Omaha daily bee. (Omaha [Neb.]) 187?-1922, December 02, 1910, Page 6, Image 6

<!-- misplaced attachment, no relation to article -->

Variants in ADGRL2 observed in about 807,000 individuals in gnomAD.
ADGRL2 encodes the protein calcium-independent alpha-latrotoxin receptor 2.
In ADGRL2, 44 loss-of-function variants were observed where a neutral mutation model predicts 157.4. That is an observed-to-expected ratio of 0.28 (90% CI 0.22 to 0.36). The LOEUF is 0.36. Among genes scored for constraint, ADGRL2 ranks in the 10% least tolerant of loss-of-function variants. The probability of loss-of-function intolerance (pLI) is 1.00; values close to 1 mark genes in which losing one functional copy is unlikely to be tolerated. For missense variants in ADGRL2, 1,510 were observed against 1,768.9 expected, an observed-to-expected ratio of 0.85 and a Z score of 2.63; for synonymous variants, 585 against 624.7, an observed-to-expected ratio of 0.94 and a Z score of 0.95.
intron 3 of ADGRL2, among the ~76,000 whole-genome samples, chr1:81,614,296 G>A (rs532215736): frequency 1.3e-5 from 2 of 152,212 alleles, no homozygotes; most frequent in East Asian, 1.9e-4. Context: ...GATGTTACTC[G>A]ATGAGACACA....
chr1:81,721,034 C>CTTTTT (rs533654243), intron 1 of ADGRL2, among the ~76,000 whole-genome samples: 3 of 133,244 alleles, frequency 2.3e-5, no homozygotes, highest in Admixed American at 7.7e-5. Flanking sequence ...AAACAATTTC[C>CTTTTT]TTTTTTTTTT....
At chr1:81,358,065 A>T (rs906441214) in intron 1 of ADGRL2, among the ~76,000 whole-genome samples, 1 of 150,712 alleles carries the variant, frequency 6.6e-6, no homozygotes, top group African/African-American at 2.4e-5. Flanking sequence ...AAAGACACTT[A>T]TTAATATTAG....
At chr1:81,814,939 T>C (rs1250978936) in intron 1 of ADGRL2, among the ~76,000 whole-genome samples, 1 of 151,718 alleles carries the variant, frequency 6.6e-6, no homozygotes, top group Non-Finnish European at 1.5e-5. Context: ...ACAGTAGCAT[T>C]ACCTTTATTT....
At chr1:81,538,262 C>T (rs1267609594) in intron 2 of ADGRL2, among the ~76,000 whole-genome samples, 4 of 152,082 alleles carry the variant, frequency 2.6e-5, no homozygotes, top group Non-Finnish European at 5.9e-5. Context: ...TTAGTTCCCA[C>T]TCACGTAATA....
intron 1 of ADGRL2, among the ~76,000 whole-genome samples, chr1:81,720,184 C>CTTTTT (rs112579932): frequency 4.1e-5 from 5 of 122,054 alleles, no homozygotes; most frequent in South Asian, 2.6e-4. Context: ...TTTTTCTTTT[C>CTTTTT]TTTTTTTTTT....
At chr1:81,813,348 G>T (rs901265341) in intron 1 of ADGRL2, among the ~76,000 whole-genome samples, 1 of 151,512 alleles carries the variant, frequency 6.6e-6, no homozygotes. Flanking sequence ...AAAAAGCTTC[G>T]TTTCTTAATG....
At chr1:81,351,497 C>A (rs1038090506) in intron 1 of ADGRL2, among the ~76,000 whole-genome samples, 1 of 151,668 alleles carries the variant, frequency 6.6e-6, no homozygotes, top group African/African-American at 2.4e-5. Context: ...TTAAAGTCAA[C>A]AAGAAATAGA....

THE BEE: OMAHA, FRIDAY, DECEMBER 2, 1010. Tim dm ah a Daily Hik 1 ill Ni"i:i UY EDWARD ROSE WATER. VICTOR RO.SEWATKR, EDITOR. r.nlerM at Omaha poslofflce aa second claas matter. TERMS OF SUBSCRIPTION. Pumlsy Hw. on year Hstuirtsy frr. ons year $1 50 Dally Hr-e (without Punday), one yenr. .4 ) ially l'oe and Munrirty . on year f w DI.D1VERM i'V CARRIER. Evf OlMK Hr without Sunday), per week fic Evenlnn Hee (with Hun1ay, per week... .l'c Dally l (inrludlnff Sunday, per week..lo Imily Ilea (without tiunday), per we-k..Ic Addrr-ss all complaint of Irregularities In rieuverr to Cltv tirculatlon Department, Fflt'ES llnuilii-thn liee Hulldlnij. Hmiib. Oinaha&! North Twenty-fourth Btreet. l ounrtl l:liufa-15 frrott f-treet. Uneotii i.,21. Little liutklinif. t hluao 1MN Maruetie millrilng. New. Wirk Rooms 1101-110! Ho, 34 Wt Tlilrty-lhlrd Street. Washington 72f Fourteenth Street, N. W. CORRESPONDENCE. t'nmmunfratlons relating- to newa and editorial . piatter should be addressed: Omaha Uee, I jilt. .rial Department. , . REMITTANCES. Rrrnit by draft, express or Voftal order payable, to The Hee IHihllshlng Company, (lily 1-rent Blampa rereived In payment ot mail ncrntintn. Peraonal che-k except on Omaha anil eastern exchange not accepted. STATEMENT Oi- CIRCi:L.ATION. Hlale of Nebraska. Douglas County, as. tJeorne 11. Txtchuuk, treasurer ol Tiia Hi-e I'libllnhlnK company, belnK duly HWorn says that the actual number of full an complete copia of The Dally, Morning, Evening; and Sunday Hee printed ilurlnc th month of November, 1910, whs ae fuuowa' 1 .v.43,SflO 2 ,.,..43,600 t 43,00 4 .43,870 6....... ....43,930 J. ...44,800 7 48,320 8 43,210 . . . , M.6t)0 1 45,470 11. ....... ,1.44,640 12 43,920 13. . 44,800 14........ .,..4350, li f..., 42,960 It 43,850 17". 44,320 18 44,080 19. .43,760 20 43,900 21 43,910 It .....43,630 2J 42,930 24 43,630 25 42,740 24. 43,150 27 43,980 28 43,30 29 43,340 30. 43,800 . ,Tutal, , 1,320,880 Returned copies . ,,.... f ...... . 18,426 t ; :Net Total;.... . 1,305,454 .'. . 43,615 TZSCMtCK, -i .Treasurer. Dally1 Average...... UKO. Subscribed In tny presence and sworn to before 'me tills 30iu day of November, llo. M. 1'. WALKKIt, (Seal.) i Notary Public. aabacribera Uirlni (ho city -porarllr aMoald kaT Th Be mailed to them. "Address will ! v Dr. Coolt at last' has Confessed, but Teary stands pat. As the Nebraskafarmer remarks, "The weather r.iay be dry, but automo billng is great.',' , IlackansrJiiuidt finds lemons as nu merous in America as Gotch found them in England. ! V , Chairman Knapp.-6( the Interstate Commerce commission continues to make a fine witness for the railroads. V 1 !'S.' I ll II. , ' Tolstoi may have-been the father ot insurgents, but Porflrio Diaz certainly is the granddad of stand-patters. Just suppose Reuf and Schmidt of Ban Francisco had committed their crimes, asCrippen did, in England. The diversion afforded by tho lato revolt may save- President Diaz the trouble of taking a Christmas vacation tlovernor-elect Fobs of Massachu setts ought not complain if they begin spelling his name with a "u" Instead of an "0." " r,-..,-h ? .' ' ; Hone grafting la regarded as on of the new discoveries. Pshaw, that Is only a colloquialism. Sometimes It Is called money. 1 The man with a full-grown grouch or grievance these days can market it at a fancy figure if be takes It to the right literary depot. It looks like the omen of a better day when a Texas mob will wait twenty-four hours for a particular negro before lynching anybody. Omaha doesn't get the opportunity of witnessing the consecration of a bishop very.often, boi.when it does it gives the matter proper attention. A man has been found . who auya he thinks Philadelphia Is "a rapid town, but, aa might b supposed, , he Is a Briton. Itttsburg Dispatch.' Or a Chicago Cub. The Philadelphia Bulletin 'has dis covered "one virtue of the motor cycle." , Pobably that It kills a man outright, preventing long suffering. If the east had -not consumed most of Its natural resources, perhaps It would .lnver nave. "learned how impor tant it la for the west to conserve what it has. ; That "death bed confession" of the Brltiah lords sounds like Pat Mulca hey's forgiveness of Mike Malone It goes in case be dies, but "the Lord help lira if I live." . Governor-elect Aldrlch was given fcuch a reception on his return home from Cblo as to forever quiet the cam paign allegation that he Is Mot popu lar with his ntighbors. Atlanta has gone batty on 'grand opera, apparently. The Journal of that city exclaims, "By all means . let us have grand opera again, whether It comes from New York, Chicago or Milwaukee." Why not add. "or Houston?" The Union Pacific fireman made the mistake of getting the pass befcrs get ting the marriage license. However, his experience will serve as a proof. If any were needed, that the railroad ton. i aulcs are trying to live up to the lUpburu law. Eat, and Watertd Stock. The last Jay of the eastern trunk line rate hearing brfor the Interttte Commerce commission mas marked with some tesMmony of unusual sig nificance. Commlsioner-elo',t Tborne of Iowa struck one of the keynotes in this whole controversy wneii he pointed to the amazing ovompKaliza tlon of railroads as one barrier to de termining the Justness of rates. He had found by a scientific research that In four states alone railroads were Qv prrl, DltaHz PA ky 1400 000 000 overcapitalized oy uu,uuu,uuu. No wonder, figuring on the basis of such fictitious capitalization, the rall- roads find present rates insufficient. They must not expect the rise In rates to keep pace with the arbitrary in flating of their stock. Let them wring the water out of this and get down to a legitimate basis of investment and income and then figure on their rates. One thing Is to be observed, that with all this railroad talk of rising ex penses and falling revenues with, a de mand for higher tariffs, there has been no appreciable decline In stock values. They remain strong and Inviting for investment. In some cases they have even advanced. Nor has railroad ex tension and Improvement ceased as a result of this alleged condition. One of the railroad witnesses before the commission the last day when asked if he could point to any railroad work that had to be abandoned of late for want of capital, said he could not. The railroads have not displayed enough candor In their past relations to tho public. Commissioner Clem ents discovering, through the course of this investigation, how extensive re bating used to be, observed: It Is surprising- to me to find how ex tensive tbese rebate practices used to be when It was so hard then for . us to find them. , , ' Of course, it must not be supposed that the railroads were going to give up the information of such illegal practiced as rebating', tout they are no more insistent ii their claims as to present rates, revenues and expenses than they were then that there was positively no rebating. Not a profligate People. James J. Hill is out with another scolding of the American people for what he terms their spendthrift habits. He predicts hard times with thousands of idle men' and women within a year unless we scotch our selves in this mad race of extravagance.- Mr. Hill has been dinning such warnings in our ears for a long time. Yet the hard times have not come. " ' , -" " , ' V, Five years ago 8,000,000 persons had $3,000,000,000 in the savings de posit banks of the United States. To day the number of depositors is more lhan 9,000,000 and the amount Of their savings exceed9-$4;000,800,-' 000. . There Is a gain of 1,000,000 depositors and $1,000,000,000 of de posits in' five years, which, on its face, makes a fairly good showing for econ omy. But when we consider that this advance has been made in spite of the highest cost of living ever experi enced in this country, it is even more significant. , To be sure; our people have lived well and some of them have lavished money on pleasure, but evidently they have not wasted it to the extent of bringing themselves to 'the brink of bankruptcy and hard times, which Mr. Hill believes. Evidently as a people they are not profligate. Of course, savings In these banks may not be the final test of a nation's prosperity or frugality, x but It is a powerful argu ment against the assertion that it is a nation of reckless spendthrifts. The Mark Twain Memorial. The character of the men conspicu ous in the Mark Twain memorial in New York was a powerful tribute to the stability of Samuel L. Clemens and his legacy to the world. Lenders In the business, political, religious. scientific realms were they; the giant of finance and the man; of letters; the ecclesiastic, the statesman, the editor and the scientist alike came to honor a man who had given the best years of his life to making the world laugh. But his humor came from the depth of life's realities and had philosophy as well as wit in It. Life with him was not all a Joke and, while he made the world laugh, he also made It think and think as It laughed about the best It contained. If this were not true men would not now gather from the pinnacles of activity and fame to pay their respects to his memory. Colonel Watterson, who knew Twain Intimately and was related to him by marriage, said: "How much of melancholy lay hidden behind the mask of the hnmorlst It would be bard to say. His griefs were tem pered by a vela of philosophy. He was a medley of contradictions. Un conventional to the point of eccentric ity, his sense of his own dignity was all-sviflcient." This seems to tell It all. It is a great, tribute, because U supplies an intelligent insight Into the life and character of the man. It will help the world to appreciate Its debt to Twain. A man who laughs and makes the world laugh In spite of per sonal grief and sorrow places the world vastly In his debt and leaves It a living philosophy when he passes on. It Is easy for us to laugh when all goes well and we feel like doing nothing but laughing, but the test comes when things are going wrong. The man who can laugh then and cheer others is of more worth to hu manity than he who is of his mirth mirthful and of his sorrow sorrowful. The all-sufficient dignity, to which Colonel Watterson alludes, was au- other saving characteristic. It is a dangerous thing to be a humorist and no man may hope to escape the penal ties who has not something more than mere humor to commend him. Many men have learned that to their sorrow too late in life. Twain knew It, but not because he had ever suffered as a consequence. Warning to Autoists. In Omaha a chauffeur has been con victed of manslaughter because the automobile he was running ran over and killed another man. In New York a prominent business man of great wealth whose auto ran over and killed a girl was tried for murder In the first degree and acquitted, very naturally, and has been brought up on a new charge that will come more nearly fitting the case. In St. Louis public wrath has riBen to a fever heat over the automobile death of Moses P. Wetmore and the chances are effec tive prosecution will follow. Gradually the tide of public senti ment Is rising against this reckless dis regard for human life, or this criminal carelessness that has been displayed by too many persons who drive auto mobiles. It ought to be a warning in time. All people who run autos, of course, are not careless or Indifferent to life, but too many are. These are the only ones to whom this warning can apply. They will make a grave mistake not to see in the steadily in creasing number of prosecutions a growing determination to stop tempor izing with them and go to punishing them. If this is the only way of com pelling a due regard for the safety of others, then the sooner it becomes effective the better. Omaha has been especially patient, too much so no doubt, with reckless autolsts. If one man is compelled to serve a year or several years In the penitentiary for causing a death, while it can in no measure atone for the life destroyed, it may serve the purpose of making many other men so careful as to minimize the possibility of such casualties. It would be a good rule for every person driving an auto to re member that the pedestrian was on the public thoroughfares first and that his right to them is fairly well established. It Ib time to slow up and It Is time for courts and juries to see we have no more travesties on Justice where auto lsts refuse to slow up in time. Exploring as a Business. The world likely will accept Dr. Cook's admission that he never reached the North pole merely as a matter of fact, since It had arrived at the conclusion a long time ago. But if it accepts his explanation of his rea son for believing that ke had reached the pole, then it is likely to look with a little less credence upon the claims of Captain' Peary If, as Coolc asserts, no man may be certain whether he reaches the pole or not, of course, the world, if it coincides with this view, will suspect that there Is room for doubt as to Peary's having reached it. It is not Impossible that Dr. Cook is correct in saying that conditions for bid positive knowledge to any man who goes In quest of this goal. Peary Is said to have sold his "own story" for $50,000, and now comes Cook bartering his to the same lit erary market place, supposedly for a like sum. Financially, then, both men must be Bald to have succeeded, though the world will scarcely be un charitable enough to accuse either of having been Inspired originally by the lure of money. They probably have done no more than the average man in their position would have . done. Yet that cannot chsnge the fact that exploring as a business pays. It remains to bo seen whether Cook's eleventh-hour confession and plea for mercy of the court of public criticism will serve to restore him to good standing with the people, who have felt themselves very much Im posed upon by him. The Garbage Question. The city council in naming an arbi tration committee to settle the garbage question Is merely postponing again the decision that must be reached. The Bee has frequently urged that proper provision be made for the collection and disposal of household refuse by the -city. So long as present methods prevail, no matter what the adjust ment between the health department and the police authorities may be, the service will be Incomplete and unsatis factory. In addition to the annoyance resulting from the necessity of depend ing upon private service, the expense Is continually greater than It would be it the matter were under public control. , While amendments are being pre pared for the city charter, to be adopted by the incoming legislature, one should be added giving the city power to collect and dispose of all do mestic refuse of whatever kind. The details for this are very easily worked out. The experience of other cities can be drawn upon and a comprehen sive and satisfactory plan could be ar ranged with little difficulty. Omaha citizens have too long been subject to the annoyance and Inconvenience of our Inadequate method of handling the garbage question. The remedy can easily be applied, and now is the time to do it. It is Quite in keeping with the course of the democrats that they should seek to dismiss a faithful em ploye, against whose service no ques tion rests, in order that the place may be given as a reward to a "republican" for his treachery to his party and to the people. Fred Brunlug at the head of the Detention home would be a most Illustrious example to the boys and girls who are confined there for re formatory purposes. The suggestion that the High school girls be taught to make their own graduating gowns has back of It some show of reason, but It Is not likely to interfere seriously with the business of the dressmaker. The sweet girl graduate will still be such no matter whst her garb, yet she will hardly willingly forego the gladsome raiment that has come to be so much a part of the ceremony. "The crowd was composed of the sturdy citizens of Dutch Fork section. There was no rowdyism." Thus a South Carolina newspaper tells of the lynching of a negro in that state. Seems superfluous to add that there was rowdyism about such a gentle manly conventionality. Mr. Krutschnitt pays the Union Pa cific bridge at Omaha the compliment of saying tbat it is one of the strongest the company owns and is not likely to t ion be replaced. He might have g me a little further and Bald it is also o le of the best paying investments his company ever made. Let It be remarked that for once, at least, The Bee and the W orld-Herald are editorially In accord. It only re mains now for the State Journal to wheel Into line, and the vote on the obliteration of the North and South Platte tradition will be made unani mous. Kansas City has given us a new brand of reform. No fireworks may be sold in that city hereafter for use there, but wholesalers may dispone of all they can to people who wilj lire them In other places. That reform rings as true as a silver dollar. "Charlie" Pool Is to have the benefit of a 'free examination of the voting machines. This cost will be borne by the people, but If in the end it will satisfy our democratic brethren maybe the money will be well spent. An Indiana Judge told a speeder that he and his kind were a menace to civilization and then fined him $10 and costs. The Judge must have al lowed this menace to prey on his mind until he felt it very deeply. Having laid the cornerstone for Its new gymnasium, the University of Omaha now serves notice on the edu cational world that its college yell will soon have to be officially listed. A county paper compliments the State Journal on being the only "safe and sane" dally published In Nebraska. If this be tt;uef the" balance of us will be happy in qur'jfujiaey. That St.' Louis woman who says she has been kissed by 10,000 men proba bly knows whether there is any truth in this talk of germatic diseases orig inating in a kiss. The only excuse we can see for Mr. Hill's persistency in predicting hard times as a result of waste is the chance of making good if he keeps it up long enough. ' James Patten, the wheat king, has announced his intention to distribute his wealth among the deserving. Now we know where our Christmas money is coming from. For a While, at I.eaad. Chicago Newa. It will perhaps be easier for the demo crats. Ilk birds in their little nests, to agree because the democratic nest is com fortably feathered with publio jobs. Settling: Dowa or Vpf. Wall Street Journal. Railroad officials express the opinion that 1910-11 la to be a period of "settling down.' This removes anxiety caused by a some what general coyness about settling up. Sympathy Oat of Place. . Baltimore American. Victims of get-rloh-quick swindles de serve no sympathy. They put their money In with their eyes wide open, and can blame no on but . themselves when they lose It all. What Absit Tama Jim's f- Cleveland Plain Dealer. With Kern's whiskers in the senate, Hughes' on the supreme court bench, but no whslkers about the executive office where la that boasted equality among the three co-ordinate branches of government? i:err Little lirlpa. New York World. Postmaster-General Hlthcock in his an nual report recommends the establishment of the parcels post in the rural free de livery, with packages limited to eleven pounds. A beginning which even the ex press companies may tolerate, aa they do almost all their business in the cities and practically no business at all In the rural district. Our Birthday Book. Slotmbw 8. 1910, Nelson U, t'pdike, president of the Up dike Oral n company of Omaha and the l' dike Commission company of Chicago, : t-u.n December 2, 187L Ha la a native of New Jersey, but was raised and edu cated at Harvard, Neb. Hla first venture in the grain buslne.-s was at tlduraJo in 18&, and he Is now olie of the king plus in the Omaha grain industry. Dr. Philip Wher, practicing physician, is Just 3t today. He was burn In Russia, coming to this country at the age of Ut. He has been practicing medicine In Omaha since 1'JU3. IJnn P. Campbell, with the llyron Reed company, real estate, was born December 2, ls9. at I'omeroy la. He has been In his piesent business for five years. l.d Merrltt. scrttary of Die Myers Dillon Drug company, is 3t. He was born here In Omaha at d Is a graduate of the Chicago College of Pharmacy. He was in the drug buslnexs fur himself fur many ers before becuiiiliiK a Uiruiber Ot bis preaeut fifui. norLE TALKED ABOUT. A TnrUlenne. lately arrested for turning In a fiike aliirm. presented the best excuse yet. Bne said. "My fiance Is a fireman, and I do so want to see him!" The Twentieth Century club of Boston lias ninde the sunKrxllun that the portrait of Julia Ward Howe, painted by her son-in-law, John Elliott, be hung in Fanue'.l hall, "the cradle of liberty." Py means of automobiles, bread, beer and newspapers, easentlals for high living and right thinking, are delivered evfry morning for breakfast at Lrfing Island homea. Th Ixing Islanders are going some. The latest phase of the "yelloar peril" lies In the newa from an American con sul in China that two hundred thousand Koreans have lopped off their queues and that the price of "rats'' and "puffs" for women's adornment will drop. Again we have evidence that this is an age of substitution. When the bride groom didn't appear at a Wisconsin wed ding another obliging young man volun teered to take his place, and the bride didn't Insist on having the' original. And at that, they may live happily ever after ward. Charles Rann Kennedy, author of "The Servant In the House," has become an American citizen, having taken out hla papers in New York In time to vote at tho recent election. Mr. Kennedy is a believer In Christian socialism of the kind which he advocates In hla book and la an active propagandist for universal brotherhood. Sir Walter Raleigh's pipe is offered for sale In London. This pipe is the grand daddy of every Uritish bulldog pipe which Indicates the Kngllshman wherever It is seen abroad. Knglish lovers of nicotine who would like to own It may satisfy them selves with the thought that If they had saved all smoking haa cost them they might have enough to buy It. Ansel Bradstreet of Freedom, Me., Is being acclaimed the champion potato grower of Waldo county. His wife cooked two of the potatoes he raised this year and served them at dinner to seven men, two women and four children. After each of the diners had helped themselves to all the potatoes he required there was still enough left of the two potatoes for a small hash for supper. Major Church Howe, 1'nlted States con sul at Manchester, England, continues en joying the fat of the land and Incidental honors. LaHt Monday he was gueat of honor of the International Federation of Master Cotton Spinners In London, lunched In the house of commons and attended a banquet In the evening. The gustatory skill of the "Sage of Nemaha" Is a source of envious wonder to foreign consuls. Ill Bill!! FROM NOAH'S ARK. One Court fnt Loose from Tyraaar of Precedent. New York Tribune. Good for the supreme court of Oklahoma! It unjoys the Inestimable advantage of starting afresh with a clean slate. In a recent case we quote from "The Journal of the American Institute of Criminal Law and Criminology" the supreme court very sensibly refused to grant a new trial be cause a useless word had been omitted from an Indictment. Said the court: "Now that our criminal Jurisprudence is In Its formative period, we are determined to do all In our power to place It upon a broad and sure foundation of reason and justice, so that the Innocent may find It to be a refuge of defence and protection, and that the guilty may be convicted and taught that it is an exceedingly serious and dangerous thing to violate the laws of the state, whether they be rich and Influen tial or poor and friendless. It w place our criminal jurisprudence upon a technical basis it will become the luxury of the rich, who can always hire able and skillful lawyers to invoke technicalities In their behalf. We confess to a want of respect for precedents which were found In the rubbish heap of Noah's Ark. and which have outlived their usefulness, If they ever had any." "Precedents found lit the rubbish heap of Noah's Ark!" A breezy court, but a brecse that will blow the cobwebs out of the law Is what is needed. The Oklahoma decision Is In refreshing contrast to a recent Alabama decision which ordered a new trial because the in dictment under which the prisoner was convicted simply charged him with steal ing hides and did not specify whether they were mule, goat, cow or sheep hides! The reports are full of cases like this, where the courts have ordered new trials upon the slightest of technicalities, the omission of a "the," "and" or "did" In an Indict ment, or the failure to describe a weapon with whleh an assault was committed any more specifically tnan as a "heavy stick." An Instance of technicalities which should be a classic. Is that referred to in the same journal. Two pianolas were stolen In South Carolina. The Indictment In the case described them as "pianos." A retrial was ordered. On the next trial experts convinced the court that pianos and piano las were the same thing, whereupon the court discharged the prisoner on the ground that he could not be tried twice for the same offense! Fortunate Oklahoma, where the courts mean not to permit them selves to be involved In the tangle of their own subtleties and where foolish precedents established elsewhere may be treated with light-hearted contempt! POSTOFFlttJ A PROSECUTOR. Parsing; the Mall Mervlce of Dishonest Schemes. New York Tribune. The arrest of a number of stock mongers for alleged fraudulent practices Is of much interest from each of several points of view, but perhaps most of all for the man ner In which, or the agency through which, it was effected. The boldness of some of the offerings was striking. The magnitude of the operations, in the number and dis tribution of victims and In the pecuniary proceeds, must be regarded aa affording ar. Impressive and depressing exhibition ot human credulity under the Influence of covetousness. But still more Interesting and suggestive Is the fact that the work of detection and seizure was performed by that department of government the funda mental function of which Is merely the collection, conveyance and distribution of the malls. The postofflce played the part of prosecutor. That was, of course, because of the wise provision of the law which forbids the use of the mails for fraudulent or Immoral purposes. It was on that same principle that the notorious Louisiana state lottery was driven into exile. A state might per mit and ' even license the existence and operation of a lottery, but If the federal government forbade It the use of the mulls, thiough which the bulk of Its patronage had to be bestowed, It was hopelessly hampered and driven out of business. So in Uie case of fraudulent stock schemes. State and municipal authorities might be indifferent or powerless. The operators might be shrewd enough tu avoid cul pability of which the police or the or dinary law could take cognizance. Hut the moment they used the malls for a nefarious purpose they made themselves subject to the penalties of a law and an administration which take no account of state boundaries or of municipal ordinances. It is an exceedingly gratifying and re assuring thing to have such functions per formed by such an agency, and It ia an In structive illustration of the coutraaliug dualism of that as of other branches of governmental service. It Is welcome and reassuring to have the mails purged of dis honest schemes. ItOOM AT TIIH TOP. Career of Michael ('iidnhr a Notable Chicago Tribune. It la said by some pessimists that there Is no longer room at the top. They say that there is practically no chance for the poor boy to rise to the head of affnlrs because of the changed conditions of nvud ern business. However, that haa passed away In the death of Michael Cudnhy. From the most modest beginnings the poor Irish boy, who was later to become the influential manufacturer and merchant, triumphed over nil obstacles in Ms wav and set an example of success won without double dealing or unfair advantage over any man. With none of the advantages open to the youths of today who can prepare for a business career aa the sequel to a college education leading directly to that end. Mr. Cudahy applied to the tasks and problems he encountered a native, commercial senxe which his perspicacity developed with years. He found tho packing business of the west practically In Its beginnings, a vast, untried field of commercial endeavor with no precedents to guide thoe engaged In It. He. Armour and a few others were nearly the only ones to perceive what great things Its future held. To him. as much aa to any other, Is due the credit for the marvelous development of that In dustry which Is now one of the world's wonders. The success which he accomplished as an employe he bettered as an employer, and with the acquirement of power and position he never forgot those who worked as he once had for a wage. Nor did he Ignore the worthy claims which are made upon success. He held his wealth In trust and gave of his store to charity. He bore himself towards society with consideration and a real sense of brotherhood. His life furnishes a good example to the rising generation as a business man and a citizen. I TII.ITY OF WAR ALARMS. Mighty Helpful In Fattening; the Appropriation Bill. New York Post. The latest traveler to report war with Japan as Imminent In the son of a Stan dard Oil magnate. He has been in Japan? Oh, dear, no. He has been hobnobbing with French and German army officers, and from them learns directly and cer tainly that Japan will attack ua before the Panama canal Is finished. Two hun dred thousand troops are to be landed In San Francisco for the little jaunt to Washington by warship and balloon doubtless and, of course, ruin and de feat will be the consequence. There is only one thing to do, avows this young militia captain, and that Is to Intro duce at once a three years' compulsory army service as they have It In France and Oermany. Any man who has not patriotism enough to be anxious to take three years out of his life to carry a rifle Is unworthy and should befdubbed a traitor. Only this slight change In our traditions and our whole economic and business life will save us from the Japanese. Of course, this captain, be ing of the Infantry and very youthful, has doubtless not heard that there Is a science of logistics. When he comes to study that phase of military education, he may perhaps ask- himself where Japan could get the ships to move 200, O0D men, their arms, ammunition and equipment, and then perhaps he y. "1 not. be quite so frightened as today. But he is going to begin to get compulsory ser vice at once. How? The way to get it Is to kick your congressman, for, says he: "You can't get anything out of a congressman unless you kick him." There Is still another way. Why not apply Standard Ol' to him. and light a match? LAST OF THE OLD GUARD. Coloael dowry's Retirement from Telearraph Management. Boston Transcript. The election of Theodore N. Vail aa pres ident of the Western Union Telegraph company, coming within a month of the re-election of R. C. dowry to that offloe, has occasioned considerable surprise, but It was probably timed to occur just one year after the announcement of the practi cal amalgamation of the Western Union and the telephone company. With the retirement of Colonel Clowry goes out ot the Western Union management the last of the old guard of civil war telegraphers, men who were Interested In the company before and during the war and have been kept In the management ever sloe. Colonel Clowry entered the telegraph employ as a mesi-enger at the age of 14 and has been with the company ever since. His Immedi ate predecessor as president was Major T. T. Eckert, who died only a few weeks ago. In the changes In the Western Union and Ha recent Improvements too much credit cannot be given to Colonel Clowry, for It was his energetic management and control during the ten years of presidency which Infused new blood into the concern, made the service more efficient In all the cities of 'the United States and saved It from being absorbed by Its rival. That he Is retired nbw Is merely evidence that what was the smaller concern has become the greater, and the telephone company is the master of the two great conoerns. MEDICAL OPINIONS OF WMMSM) Strong Testimony From tho University of Virginia "SHOULD BE RECOGNIZED AS AN ARTICLE OF MATERIA MEDIC A" Jam l Caball, M. D., A. M., LL, D., former Fir.f. J'hyitiJUjffy and Suraeryin tAs iltidical Department of th Vnivtreity of Virginia, and Prts. of ikt National Board of Health: "BUFFALO LITH1A SPRINGS WATER in Uric Acid Diathesis is a well-known therapeutic resource. It 'should be recognixed by the profession as an article of Materia Medica." "NOTHING TO COMPARE WITH IT IN PREVENTING URIC ACID DEPOSITS IN THE BODY" Dr. P. B. Barrlnffar, Chairman of Faculty and Proftsxrr of Phytiolocv, Vniver$ity of Virginia, CkarlotUtviLU, Va.: ''After twenty years' practice I have no hesitancy in stating that for prompt results I have found notion to eompare with CJITALO L4IH1A SPRINGS WATER in preventing Uric Acid Deposits in the body." "I KNOW OF NO REMEDY COMPARABLE TO IT" Wm. B. Tewlee, M. D., laU Iof. of Anatomy and Materia Mtlica, University of Virginia: In Uric Acid Diathesis, Gout, Rheumatism. Rheumatic Geut, Renal Calculi and Stone In the Bladder, I know of n remedy comparable to BUFFALO UTBIA SPRINGS WATER. Spring No. 2." ' Voluminous medical testimony sent on request. For sale by druggist and the general mineral water trade. GuantaUsd nadar the Feed and Drags Act, Juos SO, IKK. Srial Nu. 150CS. CUFEILO UHIIA SF2D3 Y&TER f 2 ltS Richardson Dpiig Co. Distributers for Omaha Territory. TASSINO PLEASANTRIES. That nmii Biggins Is away ahead of hs What's he doing now?'' He's w.irk.nu cut. a rods of traffic or dinances for acioplane drivers." Cleveland I mill 1 ieuir-1 , m "1 believe ttint old mnn really made ducks mid dinkes of his supposed fortune." "Then his heirs' hunt for bl money will be a wild goose chaw." Baltimore Amer ican. Tightwad Don't you think that drinking Impairs the memory? liuxzlet Sine thinn How many years aao whs it t tin t von bought inn tluit last drink? Philadelphia Record. Famous Pulnter (aorily I hear, sir. that you're boiiMlng that you studied ail under nie? N. ar-l'alnter (calmly)-And so I did, sir, so I did. Why. 1 occupied a room under your studio for nearly a month! New Oileuns Picayune "Old chap, what does 'rachlnnatlon mean?'" . "Loud and mirthless laughter, dear boy. Why?' "Nothing; only I understand now what the papers meant when they ald that my stories at the club banquet last night caused much cachlnnation. ""-Chicago Tri bune. "Scientists have succeeded In compressing a square meal into a cake the size of a soda cracker." "That's fine, but It Is not exactly what the world is crying for." "Then what Is? ' "The world wan the prloe oj a Aqiire meal compressed into a disc the size of a quarter." Houston Post. Dashaway You have splendid looking clotlies, old man. Who Is your tailor? ("level ton-He's the first man you see as you go out. Ufe. At an aviation meet a (spectator ap. proached a policeman anil Inquired ex citedly, while lie pointed ut un aeroplane far. far up in the air; "Say, this Is tlie altitude prize they're trying for now, Isn't It?" The policeman looked at him scornfully. "Altitude hell!" he replied. "It's th height prize!" New York Time. JUST FOR A CHANGE. How often are we puzzled By Christinas thoughts like these. "What shall 1 (five to Rubertt What to my friend, Louise? What shall I give to father.. And what to mother, sweet. These questions so perplex HIS 1 I cannot Bleep or eat." Well, here's a scheme worth trying, Just plan your gifts this way; In making or In buying. Be as careful as you may, But make the figures tally. If to meet you'd have both ends Make the number of your girts the sama As the number of your friends. Then wrap the gifts In tissue. With ribbon tag and seal. And go away and forgf t 'em. Take a walk or eat a meal. When you return take out your list And at random there address 'em; Don't feel at the shape of the packages Or try to guess 'em. ' When father gets hla kenslngton bag, And ma some good cigars; When brother gets his necklaoft And aunt toy trolley cars; When sister gets a shaving mug, And uncle a pretty barette; You'll have the Jolliest Christmas You ever had, I bet. Omaha. RAYROU, NB TREMV To Peacock's For Holiday Gifts There are a great many people in this part of ther country and, indeed through out the world, wno when they think of purchasing any article of jewelry or 6ilver or gold ware, think of Peacock's at the same moment. And this is the re sult of these seventy three years of giving real values, selling ar ticles of jewelry at moderate prices, suggesting gifts that have been treasured for years for their superior excellence. Whether or not you desire a silver purse, a bon-bon dish, a lorgnette, a diamond olitairc, you'll be surprised at our moderate price. Peacock'sShopping Guide, showing our full line,' is a very attractive book published by us expressly for our out-of-town customerSv We will be pleased to send you a copy free on request. Write us today. Prtoock't Rojnl Silver Pollnk h (or ula la rour city iic. Sue sod 7ci pkckifa C. D. Peacock Importers, Diamond Mirchula, Jewalera, SilYararorlha Stat at Adams t . Chicago "